- NHS England says trusts may be entering “most difficult period” of the pandemic since spring 2020
- Regulator warns the distribution of covid pressures is “closely linked to the lower levels of covid-19 vaccination”
- Midlands trusts told they must open additional critical care capacity to help relieve pressures on other hospitals, and reduce elective care
NHS England has told hospitals they may be entering the “most difficult period” of the pandemic for more than a year — and said high rates of admissions are “closely linked” to low vaccine uptake.
In a letter to trust chiefs in the Midlands this morning, seen by HSJ, NHS England regional officials said trusts were facing increased pressures from covid-19, particularly in areas with lower levels of vaccination.
It says: “[The pressures are] compounded by the impact on staff absences and the need to maintain separate pathways.
“At the same time, we are seeing unprecedented pressure on urgent and emergency care while trying to maintain the momentum created to tackle the long waiting elective patients…
“We are entering, potentially, what will be the most difficult period since wave one of the pandemic…
“The distribution of admissions and critical patients is uneven and closely linked to the lower levels of covid-19 vaccination.”
Trusts such as Sandwell and West Birmingham Hospitals Trust and University Hospitals Birmingham FT have reported significant pressures from covid admissions in recent weeks. An internal message to staff, reported by local media, said this was partly a result of “a deprived and diverse population who have a very high vaccine hesitancy”.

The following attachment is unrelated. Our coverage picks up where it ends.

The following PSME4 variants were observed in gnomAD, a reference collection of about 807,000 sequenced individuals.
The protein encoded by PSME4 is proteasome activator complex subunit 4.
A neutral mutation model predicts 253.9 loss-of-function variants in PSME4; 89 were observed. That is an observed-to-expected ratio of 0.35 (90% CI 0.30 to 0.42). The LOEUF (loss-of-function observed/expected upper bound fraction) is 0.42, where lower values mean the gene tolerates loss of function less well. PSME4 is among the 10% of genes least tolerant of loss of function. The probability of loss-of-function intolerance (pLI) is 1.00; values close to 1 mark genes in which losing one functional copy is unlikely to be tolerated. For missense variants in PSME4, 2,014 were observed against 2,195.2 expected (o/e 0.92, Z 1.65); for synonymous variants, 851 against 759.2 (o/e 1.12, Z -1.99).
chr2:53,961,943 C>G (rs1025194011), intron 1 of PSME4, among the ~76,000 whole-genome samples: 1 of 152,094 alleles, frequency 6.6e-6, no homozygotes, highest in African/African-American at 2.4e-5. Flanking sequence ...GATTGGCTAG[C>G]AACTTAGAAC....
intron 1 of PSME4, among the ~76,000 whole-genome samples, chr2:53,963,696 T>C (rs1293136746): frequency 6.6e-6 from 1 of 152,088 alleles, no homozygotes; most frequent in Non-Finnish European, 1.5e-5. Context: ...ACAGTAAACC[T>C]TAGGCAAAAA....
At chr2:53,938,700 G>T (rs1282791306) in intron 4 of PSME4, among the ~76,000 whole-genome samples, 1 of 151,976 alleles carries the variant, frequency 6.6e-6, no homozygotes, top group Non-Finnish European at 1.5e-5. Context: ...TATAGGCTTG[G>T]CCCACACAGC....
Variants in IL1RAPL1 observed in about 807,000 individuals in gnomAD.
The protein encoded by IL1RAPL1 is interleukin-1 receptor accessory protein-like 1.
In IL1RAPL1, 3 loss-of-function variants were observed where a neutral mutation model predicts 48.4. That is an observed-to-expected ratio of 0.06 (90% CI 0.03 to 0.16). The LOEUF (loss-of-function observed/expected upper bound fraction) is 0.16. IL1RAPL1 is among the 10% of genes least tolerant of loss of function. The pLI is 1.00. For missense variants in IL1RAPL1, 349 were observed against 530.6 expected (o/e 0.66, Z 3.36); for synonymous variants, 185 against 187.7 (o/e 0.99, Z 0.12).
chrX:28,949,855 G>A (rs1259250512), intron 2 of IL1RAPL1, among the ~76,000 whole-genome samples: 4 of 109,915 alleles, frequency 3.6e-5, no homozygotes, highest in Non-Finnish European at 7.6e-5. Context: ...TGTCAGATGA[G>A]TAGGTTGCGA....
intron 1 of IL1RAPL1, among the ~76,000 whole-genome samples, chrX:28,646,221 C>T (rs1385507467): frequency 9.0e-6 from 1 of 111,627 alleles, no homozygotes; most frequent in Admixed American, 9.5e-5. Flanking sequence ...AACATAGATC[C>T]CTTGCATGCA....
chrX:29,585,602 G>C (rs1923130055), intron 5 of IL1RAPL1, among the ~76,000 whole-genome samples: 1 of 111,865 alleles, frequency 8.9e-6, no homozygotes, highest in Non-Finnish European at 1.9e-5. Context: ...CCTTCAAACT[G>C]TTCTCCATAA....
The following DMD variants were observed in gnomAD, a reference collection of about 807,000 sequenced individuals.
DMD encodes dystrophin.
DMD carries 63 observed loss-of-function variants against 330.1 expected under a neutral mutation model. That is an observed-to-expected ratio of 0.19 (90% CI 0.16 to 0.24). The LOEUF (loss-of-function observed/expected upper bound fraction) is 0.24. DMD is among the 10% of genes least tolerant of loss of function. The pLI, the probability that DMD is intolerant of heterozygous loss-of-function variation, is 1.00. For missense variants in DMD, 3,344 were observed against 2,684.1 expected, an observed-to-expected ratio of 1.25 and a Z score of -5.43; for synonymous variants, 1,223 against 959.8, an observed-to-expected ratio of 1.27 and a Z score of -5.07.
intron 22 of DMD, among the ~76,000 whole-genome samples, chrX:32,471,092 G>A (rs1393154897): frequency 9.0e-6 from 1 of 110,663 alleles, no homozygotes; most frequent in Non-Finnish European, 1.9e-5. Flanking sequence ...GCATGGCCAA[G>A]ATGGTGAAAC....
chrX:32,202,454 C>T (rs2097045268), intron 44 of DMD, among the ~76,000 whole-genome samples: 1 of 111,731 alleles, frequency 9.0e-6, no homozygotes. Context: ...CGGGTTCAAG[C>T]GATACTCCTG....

The NHSE letter, signed by Jeff Worrall, the Midlands director of performance and improvement, Siobhan Heafield, regional chief nurse, and Nigel Sturrock, regional medical director, added: “There are clear indications that we are heading towards a period where we need to surge capacity, which is why we are writing to respectfully recommend the following system actions that will help us all prepare for increased pressure across the region.”
NHSE said it would expect all units to ensure they have 100 per cent of their funded baseline critical care capacity available, and to open additional beds if this is needed to “relieve pressure on other units”. This would generally involve redeploying staff and reducing elective care.
They must also ensure patients that need emergency or time critical surgery can have this within an “appropriate clinically required time”.
The letter finishes: “We don’t doubt the challenge this presents providers and we recognise the importance of the well-being of your staff at this time.
“We also recognise that our requirement will have to draw on your reservists and impact on routine surgery. We expect any decisions about systematic reductions in routine surgery need to be taken at an integrated care system level and in consultation with ourselves.
A spokesman for NHS England and Improvement in the Midlands said: “The NHS has tried and tested plans for managing extra demand, including by flexing critical care as needed. People should continue to come forward for the care they need, including by using NHS 111 or contacting their GP and of course, it remains vital that everyone gets their vaccination to protect themselves and their communities against the virus.”
This story was updated at 13:33 with a statement from NHSE/I.
Letter to local leaders
21 July 2021